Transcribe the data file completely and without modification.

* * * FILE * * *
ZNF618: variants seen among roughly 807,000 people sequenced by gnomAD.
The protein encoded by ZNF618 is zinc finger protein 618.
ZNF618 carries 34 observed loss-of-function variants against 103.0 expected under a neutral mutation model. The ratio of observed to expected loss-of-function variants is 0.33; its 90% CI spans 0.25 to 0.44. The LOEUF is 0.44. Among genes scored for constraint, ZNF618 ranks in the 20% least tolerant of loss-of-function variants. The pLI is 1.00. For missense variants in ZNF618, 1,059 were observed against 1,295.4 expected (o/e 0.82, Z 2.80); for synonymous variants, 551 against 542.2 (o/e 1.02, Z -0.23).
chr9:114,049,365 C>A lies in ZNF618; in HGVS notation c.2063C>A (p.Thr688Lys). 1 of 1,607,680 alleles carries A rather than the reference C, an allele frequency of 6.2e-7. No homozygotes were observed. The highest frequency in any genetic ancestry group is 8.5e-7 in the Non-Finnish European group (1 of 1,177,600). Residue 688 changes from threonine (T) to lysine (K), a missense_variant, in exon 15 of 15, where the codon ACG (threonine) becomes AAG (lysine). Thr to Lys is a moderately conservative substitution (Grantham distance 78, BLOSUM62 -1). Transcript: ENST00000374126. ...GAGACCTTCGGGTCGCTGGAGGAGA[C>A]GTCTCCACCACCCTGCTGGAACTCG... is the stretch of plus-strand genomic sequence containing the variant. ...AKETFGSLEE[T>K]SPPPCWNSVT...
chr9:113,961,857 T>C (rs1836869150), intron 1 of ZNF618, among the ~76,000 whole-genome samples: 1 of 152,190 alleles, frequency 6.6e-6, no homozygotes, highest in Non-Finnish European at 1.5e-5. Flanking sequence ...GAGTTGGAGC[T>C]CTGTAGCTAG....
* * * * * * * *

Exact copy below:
ZNF618: variants seen among roughly 807,000 people sequenced by gnomAD.
The protein encoded by ZNF618 is zinc finger protein 618.
ZNF618 carries 34 observed loss-of-function variants against 103.0 expected under a neutral mutation model. The ratio of observed to expected loss-of-function variants is 0.33; its 90% CI spans 0.25 to 0.44. The LOEUF is 0.44. Among genes scored for constraint, ZNF618 ranks in the 20% least tolerant of loss-of-function variants. The pLI is 1.00. For missense variants in ZNF618, 1,059 were observed against 1,295.4 expected (o/e 0.82, Z 2.80); for synonymous variants, 551 against 542.2 (o/e 1.02, Z -0.23).
chr9:114,049,365 C>A lies in ZNF618; in HGVS notation c.2063C>A (p.Thr688Lys). 1 of 1,607,680 alleles carries A rather than the reference C, an allele frequency of 6.2e-7. No homozygotes were observed. The highest frequency in any genetic ancestry group is 8.5e-7 in the Non-Finnish European group (1 of 1,177,600). Residue 688 changes from threonine (T) to lysine (K), a missense_variant, in exon 15 of 15, where the codon ACG (threonine) becomes AAG (lysine). Thr to Lys is a moderately conservative substitution (Grantham distance 78, BLOSUM62 -1). Transcript: ENST00000374126. ...GAGACCTTCGGGTCGCTGGAGGAGA[C>A]GTCTCCACCACCCTGCTGGAACTCG... is the stretch of plus-strand genomic sequence containing the variant. ...AKETFGSLEE[T>K]SPPPCWNSVT...
chr9:113,961,857 T>C (rs1836869150), intron 1 of ZNF618, among the ~76,000 whole-genome samples: 1 of 152,190 alleles, frequency 6.6e-6, no homozygotes, highest in Non-Finnish European at 1.5e-5. Flanking sequence ...GAGTTGGAGC[T>C]CTGTAGCTAG....